Fixed number of male orgasms: Fact or fiction?
Maybe you will answer my question this time finally! Is it a myth or a fact that some people say there's a fixed number of male orgasms or cum-shots one could have in his lifetime? Say three million sperm or 3000 times of orgasming? Once you reach this maximum, you can't have orgasms anymore. Please tell me this is WRONG, and provide me, the ignorant one, with some truth. Thank you very much!
— Desperate for answer
Dear Desperate for answer,
Right away, something is funny about the figures and math of this myth. For one, a healthy human male produces about 30 million sperm each day. With one ejaculation, 300 to 500 million sperm are released. Men continually produce sperm, day in and day out, throughout their lives. Healthy men can make sperm well into their 80s or longer — there is no need to be concerned about running out.
Even if there were no sperm available, you would still be able to ejaculate. Sperm comprise a small percentage of what's in a typical dose of ejaculate, or semen. About 60 percent of semen is seminal fluid, produced by the seminal vesicles. There are many other components of semen, too, which help the sperm in such ways as providing an energy source and protection from the acidic environment of the uterus.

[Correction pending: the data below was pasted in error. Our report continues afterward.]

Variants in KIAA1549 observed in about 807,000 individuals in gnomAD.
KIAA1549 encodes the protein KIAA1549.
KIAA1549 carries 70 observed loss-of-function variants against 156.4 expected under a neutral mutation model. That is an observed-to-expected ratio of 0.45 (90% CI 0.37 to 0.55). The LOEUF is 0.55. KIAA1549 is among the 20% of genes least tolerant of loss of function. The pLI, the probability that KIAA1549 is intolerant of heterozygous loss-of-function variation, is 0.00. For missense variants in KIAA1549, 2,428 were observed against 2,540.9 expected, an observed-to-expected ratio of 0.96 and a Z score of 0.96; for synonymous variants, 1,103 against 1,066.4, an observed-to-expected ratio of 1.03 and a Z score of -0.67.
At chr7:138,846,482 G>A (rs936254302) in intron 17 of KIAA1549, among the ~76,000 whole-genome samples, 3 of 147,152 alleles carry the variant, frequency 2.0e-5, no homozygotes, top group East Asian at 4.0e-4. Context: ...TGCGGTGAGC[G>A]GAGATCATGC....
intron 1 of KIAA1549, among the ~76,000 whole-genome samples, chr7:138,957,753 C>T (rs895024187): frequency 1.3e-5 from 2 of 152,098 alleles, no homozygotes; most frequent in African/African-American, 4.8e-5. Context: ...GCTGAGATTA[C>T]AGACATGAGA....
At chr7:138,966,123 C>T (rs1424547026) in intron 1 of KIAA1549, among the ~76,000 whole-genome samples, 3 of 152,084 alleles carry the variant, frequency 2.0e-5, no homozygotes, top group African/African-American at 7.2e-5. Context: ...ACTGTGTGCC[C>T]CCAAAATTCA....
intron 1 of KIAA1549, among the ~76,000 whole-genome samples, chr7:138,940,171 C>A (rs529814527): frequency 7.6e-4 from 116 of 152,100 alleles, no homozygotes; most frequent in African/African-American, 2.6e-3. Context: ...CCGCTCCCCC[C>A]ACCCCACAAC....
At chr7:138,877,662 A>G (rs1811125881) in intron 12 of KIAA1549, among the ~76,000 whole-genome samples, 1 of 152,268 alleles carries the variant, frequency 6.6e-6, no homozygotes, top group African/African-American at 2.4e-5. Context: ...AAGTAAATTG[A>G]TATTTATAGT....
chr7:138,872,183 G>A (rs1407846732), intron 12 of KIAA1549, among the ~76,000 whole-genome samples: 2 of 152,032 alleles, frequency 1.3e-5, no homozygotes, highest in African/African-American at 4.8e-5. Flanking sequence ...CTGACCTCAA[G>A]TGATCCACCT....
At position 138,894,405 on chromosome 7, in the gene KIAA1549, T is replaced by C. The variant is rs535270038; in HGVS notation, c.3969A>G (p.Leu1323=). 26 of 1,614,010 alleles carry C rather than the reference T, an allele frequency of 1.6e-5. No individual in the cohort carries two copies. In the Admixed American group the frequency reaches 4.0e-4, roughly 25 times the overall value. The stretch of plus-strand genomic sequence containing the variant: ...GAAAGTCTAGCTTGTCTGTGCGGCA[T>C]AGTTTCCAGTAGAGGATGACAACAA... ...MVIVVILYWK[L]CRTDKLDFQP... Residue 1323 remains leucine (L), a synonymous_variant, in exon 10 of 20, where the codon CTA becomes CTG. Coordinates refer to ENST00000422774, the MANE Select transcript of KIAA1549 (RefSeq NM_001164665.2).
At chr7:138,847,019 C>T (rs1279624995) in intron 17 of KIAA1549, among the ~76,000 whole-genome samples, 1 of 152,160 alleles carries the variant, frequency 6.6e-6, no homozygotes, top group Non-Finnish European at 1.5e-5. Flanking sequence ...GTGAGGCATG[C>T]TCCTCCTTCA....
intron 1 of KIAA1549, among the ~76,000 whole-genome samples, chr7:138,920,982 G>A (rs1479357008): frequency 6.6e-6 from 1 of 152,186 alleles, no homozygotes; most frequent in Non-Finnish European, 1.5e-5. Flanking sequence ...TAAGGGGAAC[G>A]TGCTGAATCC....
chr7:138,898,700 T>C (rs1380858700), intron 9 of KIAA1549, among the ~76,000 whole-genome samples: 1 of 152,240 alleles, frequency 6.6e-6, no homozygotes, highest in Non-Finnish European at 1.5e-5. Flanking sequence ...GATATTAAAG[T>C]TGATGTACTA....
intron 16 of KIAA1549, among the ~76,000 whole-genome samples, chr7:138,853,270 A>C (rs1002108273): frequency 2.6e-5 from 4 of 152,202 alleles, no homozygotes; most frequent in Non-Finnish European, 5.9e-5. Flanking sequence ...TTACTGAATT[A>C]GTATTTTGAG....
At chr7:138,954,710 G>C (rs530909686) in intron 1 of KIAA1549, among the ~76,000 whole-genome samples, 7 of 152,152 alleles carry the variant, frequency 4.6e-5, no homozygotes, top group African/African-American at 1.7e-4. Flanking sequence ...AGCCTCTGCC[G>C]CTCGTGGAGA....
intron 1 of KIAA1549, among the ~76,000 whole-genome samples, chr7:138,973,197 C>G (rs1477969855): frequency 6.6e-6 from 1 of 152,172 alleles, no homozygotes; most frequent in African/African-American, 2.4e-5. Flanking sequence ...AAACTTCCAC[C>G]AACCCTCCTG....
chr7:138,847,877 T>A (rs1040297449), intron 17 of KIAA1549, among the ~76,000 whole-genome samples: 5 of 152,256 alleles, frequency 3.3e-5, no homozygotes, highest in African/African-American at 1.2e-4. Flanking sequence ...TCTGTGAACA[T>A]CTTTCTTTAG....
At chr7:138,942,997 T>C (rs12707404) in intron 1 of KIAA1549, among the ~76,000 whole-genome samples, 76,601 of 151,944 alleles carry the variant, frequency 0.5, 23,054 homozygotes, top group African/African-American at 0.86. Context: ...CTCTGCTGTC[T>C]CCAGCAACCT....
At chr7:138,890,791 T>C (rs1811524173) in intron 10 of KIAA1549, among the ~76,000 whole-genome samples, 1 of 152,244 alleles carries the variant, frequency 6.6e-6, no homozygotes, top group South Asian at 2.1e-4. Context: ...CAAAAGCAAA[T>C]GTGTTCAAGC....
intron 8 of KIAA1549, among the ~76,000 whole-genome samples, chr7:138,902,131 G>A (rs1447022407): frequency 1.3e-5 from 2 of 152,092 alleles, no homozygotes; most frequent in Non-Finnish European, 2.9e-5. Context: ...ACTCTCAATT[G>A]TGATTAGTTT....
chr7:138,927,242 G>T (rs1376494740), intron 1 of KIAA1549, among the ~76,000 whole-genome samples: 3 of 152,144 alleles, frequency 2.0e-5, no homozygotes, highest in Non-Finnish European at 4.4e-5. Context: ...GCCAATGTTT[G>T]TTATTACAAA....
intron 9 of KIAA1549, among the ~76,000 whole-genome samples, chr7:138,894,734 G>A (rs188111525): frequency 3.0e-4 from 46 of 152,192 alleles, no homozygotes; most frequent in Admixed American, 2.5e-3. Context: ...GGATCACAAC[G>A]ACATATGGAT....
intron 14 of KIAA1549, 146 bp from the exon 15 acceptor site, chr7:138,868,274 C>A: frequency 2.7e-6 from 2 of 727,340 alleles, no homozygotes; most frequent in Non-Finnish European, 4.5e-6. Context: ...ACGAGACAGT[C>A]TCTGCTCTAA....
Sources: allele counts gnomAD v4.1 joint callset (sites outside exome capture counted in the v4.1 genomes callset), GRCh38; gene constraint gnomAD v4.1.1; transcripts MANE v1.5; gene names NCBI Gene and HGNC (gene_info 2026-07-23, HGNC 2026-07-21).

Just as sperm production can never run dry, the number of orgasms that a person has in his lifetime is unlimited. Besides, it's helpful to remember that an orgasm is a full body response. For men, an orgasm entails rhythmic contractions that occur along the penis, urethra, prostate gland, seminal vesicles, pelvic muscles, and anus, and are usually accompanied by ejaculation. Such a multi-dimensional bodily response is unlikely to be affected by the amount of sperm in your semen. Stages of male sexual response provides a more detailed description about the physiological phenomenon of a male orgasm.
No need to cry over spilled sperm, and it's certainly not necessary to keep a running total of your orgasms. Here's to an infinite amount of orgasms!
Originally published Nov 06, 1998
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